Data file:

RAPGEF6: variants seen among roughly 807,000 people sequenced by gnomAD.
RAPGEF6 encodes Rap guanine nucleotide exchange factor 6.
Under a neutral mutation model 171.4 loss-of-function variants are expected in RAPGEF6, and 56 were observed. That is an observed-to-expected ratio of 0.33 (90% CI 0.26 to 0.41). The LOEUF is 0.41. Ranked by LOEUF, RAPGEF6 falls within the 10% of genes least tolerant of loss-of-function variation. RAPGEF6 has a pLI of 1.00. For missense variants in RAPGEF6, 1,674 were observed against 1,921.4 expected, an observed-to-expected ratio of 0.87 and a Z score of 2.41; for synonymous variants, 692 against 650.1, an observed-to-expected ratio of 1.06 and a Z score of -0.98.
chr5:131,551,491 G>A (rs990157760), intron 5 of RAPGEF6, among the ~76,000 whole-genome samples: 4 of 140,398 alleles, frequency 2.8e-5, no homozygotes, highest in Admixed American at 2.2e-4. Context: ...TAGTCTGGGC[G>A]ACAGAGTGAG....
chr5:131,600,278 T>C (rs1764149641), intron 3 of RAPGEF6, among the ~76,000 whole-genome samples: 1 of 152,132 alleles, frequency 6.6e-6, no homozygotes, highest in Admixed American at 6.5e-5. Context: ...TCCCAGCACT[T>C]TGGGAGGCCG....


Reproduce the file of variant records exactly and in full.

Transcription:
RAPGEF6: variants seen among roughly 807,000 people sequenced by gnomAD.
RAPGEF6 encodes Rap guanine nucleotide exchange factor 6.
Under a neutral mutation model 171.4 loss-of-function variants are expected in RAPGEF6, and 56 were observed. That is an observed-to-expected ratio of 0.33 (90% CI 0.26 to 0.41). The LOEUF is 0.41. Ranked by LOEUF, RAPGEF6 falls within the 10% of genes least tolerant of loss-of-function variation. RAPGEF6 has a pLI of 1.00. For missense variants in RAPGEF6, 1,674 were observed against 1,921.4 expected, an observed-to-expected ratio of 0.87 and a Z score of 2.41; for synonymous variants, 692 against 650.1, an observed-to-expected ratio of 1.06 and a Z score of -0.98.
chr5:131,551,491 G>A (rs990157760), intron 5 of RAPGEF6, among the ~76,000 whole-genome samples: 4 of 140,398 alleles, frequency 2.8e-5, no homozygotes, highest in Admixed American at 2.2e-4. Context: ...TAGTCTGGGC[G>A]ACAGAGTGAG....
chr5:131,600,278 T>C (rs1764149641), intron 3 of RAPGEF6, among the ~76,000 whole-genome samples: 1 of 152,132 alleles, frequency 6.6e-6, no homozygotes, highest in Admixed American at 6.5e-5. Context: ...TCCCAGCACT[T>C]TGGGAGGCCG....